Nike Sponsors Its First Openly Gay Pro Athlete

As corporate America continues to warm to the LGBTQ community, advertisers have begun to recruit new types of faces as role models. Following that cue, Nike is now sponsoring its first openly gay professional athlete: new WNBA player Brittney Griner.

But it’s not just Griner’s sexuality that makes the endorsement excitingly progressive: Griner has also been granted free reign when it comes to her gender expression. Rather than wearing womenswear like Nike’s other female athletes, Griner will don apparel designed for men like Nike SB, the company’s skateboarding brand.

“It’s safe to say we jumped at the opportunity to work with her because she breaks the mold,” said Brian Strong, a Nike spokesperson, told ESPN Magazine. The same publication ran a fantastic profile on Griner and her journey over the years.

Although the financial figure of the deal comes to under $15,000 (falling well short of the million dollar endorsements of some of the big-name NBA superstars), Griner, who admits she often shops in the men’s department at stores, is happy to have the opportunity to put her atypical personal style on display. “It’s what I feel comfortable in, it’s my dress identity.”

Griner is currently one of the hottest names in women’s basketball, making headlines after scoring a record two slam dunks in her very first WNBA game. She also earned attention when (as Care2 reported) NBA bigwigs stirred speculation that she would be drafted to play professionally with the men instead. In the short couple of months between college and starting in the WNBA, Griner has been busy making her true identity known: “I am a strong, black, lesbian woman,” she said. “Every single time I say it, I feel so much better.”

Technically, Griner first came out her freshman year of high school, but found herself more or less closeted again when she arrived at Baylor University. In her first weeks at school, college personnel instructed her to delete Tweets that openly made reference to an ex-girlfriend.

While Griner never pretended to be someone she was not, due to the ongoing pressure, she wasn’t explicit about her identity either. “It was a recruiting thing,” Griner said. “The coaches thought if it seemed like they condoned [homosexuality], people wouldn’t let their kids play for Baylor.”

Unlike Baylor, the WNBA seems happier to have a controversial figure like Griner. Amber Cox, the President of the Phoenix Mercury (Griner’s team) said, “We want role models, but we need lightning rods to balance things out. In that sense, Brittney has taken us to the next level. If someone is invoking emotion in people they care. And apathy has been our biggest enemy.”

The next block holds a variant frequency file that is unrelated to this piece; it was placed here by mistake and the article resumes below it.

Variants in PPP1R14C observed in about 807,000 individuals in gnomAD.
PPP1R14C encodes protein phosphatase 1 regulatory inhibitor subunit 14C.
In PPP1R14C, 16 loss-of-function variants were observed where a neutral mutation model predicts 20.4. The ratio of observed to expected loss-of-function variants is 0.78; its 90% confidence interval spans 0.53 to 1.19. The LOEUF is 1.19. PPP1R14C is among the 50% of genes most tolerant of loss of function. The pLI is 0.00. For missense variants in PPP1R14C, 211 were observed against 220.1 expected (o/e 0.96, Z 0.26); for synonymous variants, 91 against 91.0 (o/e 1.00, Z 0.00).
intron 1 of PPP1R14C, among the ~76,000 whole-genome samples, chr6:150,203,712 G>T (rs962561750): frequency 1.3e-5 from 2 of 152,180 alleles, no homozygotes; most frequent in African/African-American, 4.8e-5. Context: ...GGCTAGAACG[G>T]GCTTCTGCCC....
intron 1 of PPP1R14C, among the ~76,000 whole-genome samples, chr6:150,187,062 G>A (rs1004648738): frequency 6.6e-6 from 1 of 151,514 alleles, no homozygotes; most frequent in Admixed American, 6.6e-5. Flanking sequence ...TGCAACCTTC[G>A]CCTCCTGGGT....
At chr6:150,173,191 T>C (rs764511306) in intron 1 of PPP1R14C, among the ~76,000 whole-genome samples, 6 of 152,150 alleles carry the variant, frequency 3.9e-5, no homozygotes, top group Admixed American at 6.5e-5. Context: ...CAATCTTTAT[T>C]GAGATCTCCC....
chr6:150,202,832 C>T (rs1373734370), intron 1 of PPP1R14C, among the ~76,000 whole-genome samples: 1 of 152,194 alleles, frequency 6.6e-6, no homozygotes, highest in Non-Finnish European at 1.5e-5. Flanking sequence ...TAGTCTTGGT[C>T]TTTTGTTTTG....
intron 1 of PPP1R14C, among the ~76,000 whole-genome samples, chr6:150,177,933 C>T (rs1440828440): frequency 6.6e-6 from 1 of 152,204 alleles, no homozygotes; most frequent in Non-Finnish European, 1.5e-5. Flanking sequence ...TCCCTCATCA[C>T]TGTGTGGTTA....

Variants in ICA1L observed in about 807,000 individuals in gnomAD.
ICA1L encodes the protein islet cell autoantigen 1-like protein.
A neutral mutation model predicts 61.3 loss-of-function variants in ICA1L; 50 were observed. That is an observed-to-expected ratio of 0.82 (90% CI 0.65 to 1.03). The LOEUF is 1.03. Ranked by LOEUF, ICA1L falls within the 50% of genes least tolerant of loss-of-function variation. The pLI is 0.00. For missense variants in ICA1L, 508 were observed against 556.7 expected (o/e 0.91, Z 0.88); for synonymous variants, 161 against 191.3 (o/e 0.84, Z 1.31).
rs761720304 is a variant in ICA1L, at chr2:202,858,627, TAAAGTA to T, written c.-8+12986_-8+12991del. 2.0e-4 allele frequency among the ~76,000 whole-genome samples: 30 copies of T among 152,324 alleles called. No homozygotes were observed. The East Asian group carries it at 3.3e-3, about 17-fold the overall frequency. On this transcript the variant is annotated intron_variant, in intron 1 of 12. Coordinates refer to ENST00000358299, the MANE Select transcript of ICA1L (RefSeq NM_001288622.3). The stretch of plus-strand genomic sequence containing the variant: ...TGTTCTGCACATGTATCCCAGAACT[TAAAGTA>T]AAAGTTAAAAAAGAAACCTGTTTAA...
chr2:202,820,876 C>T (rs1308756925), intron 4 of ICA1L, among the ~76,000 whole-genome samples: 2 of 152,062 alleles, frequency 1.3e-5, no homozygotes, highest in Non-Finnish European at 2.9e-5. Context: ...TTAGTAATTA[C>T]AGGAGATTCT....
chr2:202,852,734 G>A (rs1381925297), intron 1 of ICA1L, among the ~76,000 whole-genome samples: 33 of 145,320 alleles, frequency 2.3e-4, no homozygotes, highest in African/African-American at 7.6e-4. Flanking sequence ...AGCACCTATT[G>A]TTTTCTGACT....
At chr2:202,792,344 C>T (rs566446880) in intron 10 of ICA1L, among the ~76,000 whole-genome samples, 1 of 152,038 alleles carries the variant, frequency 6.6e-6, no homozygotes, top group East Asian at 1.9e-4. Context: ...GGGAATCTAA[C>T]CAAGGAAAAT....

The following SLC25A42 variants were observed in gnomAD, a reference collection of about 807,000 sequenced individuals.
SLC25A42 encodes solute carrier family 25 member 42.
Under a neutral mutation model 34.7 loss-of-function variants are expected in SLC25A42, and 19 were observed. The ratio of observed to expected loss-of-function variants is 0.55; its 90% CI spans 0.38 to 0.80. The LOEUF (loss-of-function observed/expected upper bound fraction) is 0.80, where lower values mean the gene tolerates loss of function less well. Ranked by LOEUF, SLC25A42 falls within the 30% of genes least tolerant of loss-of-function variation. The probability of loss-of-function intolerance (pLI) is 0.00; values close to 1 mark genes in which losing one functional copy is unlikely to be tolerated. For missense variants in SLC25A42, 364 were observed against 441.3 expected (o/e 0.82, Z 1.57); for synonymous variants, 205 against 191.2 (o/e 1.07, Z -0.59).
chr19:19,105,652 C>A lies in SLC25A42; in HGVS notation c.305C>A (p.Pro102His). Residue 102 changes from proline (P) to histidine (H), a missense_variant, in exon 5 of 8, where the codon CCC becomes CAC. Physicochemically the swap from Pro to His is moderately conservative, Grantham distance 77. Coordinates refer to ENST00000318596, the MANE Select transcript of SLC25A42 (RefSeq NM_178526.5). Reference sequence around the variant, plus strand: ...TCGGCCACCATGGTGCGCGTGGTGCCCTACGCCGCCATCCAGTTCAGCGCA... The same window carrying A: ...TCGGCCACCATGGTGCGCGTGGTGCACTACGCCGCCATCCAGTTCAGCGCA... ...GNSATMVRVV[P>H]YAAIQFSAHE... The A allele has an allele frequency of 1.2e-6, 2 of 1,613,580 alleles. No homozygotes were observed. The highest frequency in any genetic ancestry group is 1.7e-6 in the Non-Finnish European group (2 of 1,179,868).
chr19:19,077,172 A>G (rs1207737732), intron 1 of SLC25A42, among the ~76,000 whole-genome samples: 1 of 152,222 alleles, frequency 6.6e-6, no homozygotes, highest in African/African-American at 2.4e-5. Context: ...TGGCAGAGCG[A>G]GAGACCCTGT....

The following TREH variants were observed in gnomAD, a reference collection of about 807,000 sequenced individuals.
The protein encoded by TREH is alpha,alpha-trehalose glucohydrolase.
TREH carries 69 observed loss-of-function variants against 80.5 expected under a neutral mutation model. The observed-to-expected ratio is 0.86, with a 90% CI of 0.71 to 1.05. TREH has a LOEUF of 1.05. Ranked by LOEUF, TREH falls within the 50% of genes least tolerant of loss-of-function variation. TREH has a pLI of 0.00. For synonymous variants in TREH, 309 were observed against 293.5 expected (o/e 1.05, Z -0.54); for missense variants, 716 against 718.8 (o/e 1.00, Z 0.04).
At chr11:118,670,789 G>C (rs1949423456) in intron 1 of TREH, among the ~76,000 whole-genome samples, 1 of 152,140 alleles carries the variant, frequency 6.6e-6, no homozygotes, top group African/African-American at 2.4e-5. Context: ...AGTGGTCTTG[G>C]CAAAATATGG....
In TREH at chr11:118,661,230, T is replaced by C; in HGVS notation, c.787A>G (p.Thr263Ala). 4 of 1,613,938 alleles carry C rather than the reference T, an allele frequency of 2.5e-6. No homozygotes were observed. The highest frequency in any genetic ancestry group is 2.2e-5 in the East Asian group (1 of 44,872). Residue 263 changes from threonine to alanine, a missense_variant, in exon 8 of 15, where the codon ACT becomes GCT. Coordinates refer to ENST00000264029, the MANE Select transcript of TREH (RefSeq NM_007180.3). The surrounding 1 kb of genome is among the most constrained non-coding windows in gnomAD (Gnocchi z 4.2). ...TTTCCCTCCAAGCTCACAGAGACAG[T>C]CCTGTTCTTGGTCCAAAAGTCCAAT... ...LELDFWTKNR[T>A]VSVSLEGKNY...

Indeed, since making her sexuality public, Griner admits she has faced some criticism. Some have tweeted her things like “Ur a man” and “What are you? #man? #ape?”, but Griner takes it in stride. “Reading what people say makes me want to be me even more,” she said.

And now Nike (which we should acknowledge is far from a great company) will give Griner a chance to be herself in a heightened public spotlight, while helping to redefine the idea of what types of people are considered marketable.


Photo Credit: Sphilbrick


Jim Pomeroy
James Pomeroy4 years ago

As a basketball fan I have followed Brittney's career since college. Though I am a U Con fan, I always rooted for her (when not playing U Con). I am impressed with her as a person and as an athlete. She will represent herself and the brand well.

It is sad that she was forced back into the closet in college. I am glad to see she is free to be herself once-more.


Winn Adams
Winn Adams5 years ago

Good. What in the hell took them this long?!

Teresa Wlosowicz
Teresa W5 years ago


Jonathan Harper
Jonathan Harper5 years ago

about time

Diane L.
Diane L5 years ago

I agree with Scot R. What is a GOOD thing is that Nike didn't back off because of her sexual status.

Dale O.

Interesting article and comments here.

Elizabeth F.
Elizabeth F5 years ago

Thanks for the info.

Beth M.
Beth M5 years ago

Thank you Nike!

Scot Roberts
Scot Roberts5 years ago

Spencer....and everyone else who has posted similar comments.....

Nike didn't sponsor Brittney Griner because she was gay. I appreciate your attitude or outlook, and I share it, but the sponsorship has nothing, zip, zilch, nada, to do with the fact that she's gay. They didn't do it for the publicity of sponsoring a gay athlete.....they did it because she's tops in her field. A winner, a role model for younger women.

The only thing that makes this newsworthy is that she's an openly gay athlete and sponsoring her is a bit of a risk in this society which isn't quite the accepting society that we'd like it to be. It's getting better.....but we're not there yet. Remember Chik-Fil-A? Target? etc. The list goes on of companies who have taken the risk of supporting or not supporting equal rights for gays. Either way, in this contemptuous society, there always seems to be a price to pay from either side.

Spencer Y.
Spencer Young5 years ago

I enjoy sports for the sport. not the play of a straight person compared to the play of a gay person when i watch or play sports the last thing i think about is was that person gay? If a person becomes sponsored it shouldn't be because he/she are or aren't gay, it should be for their play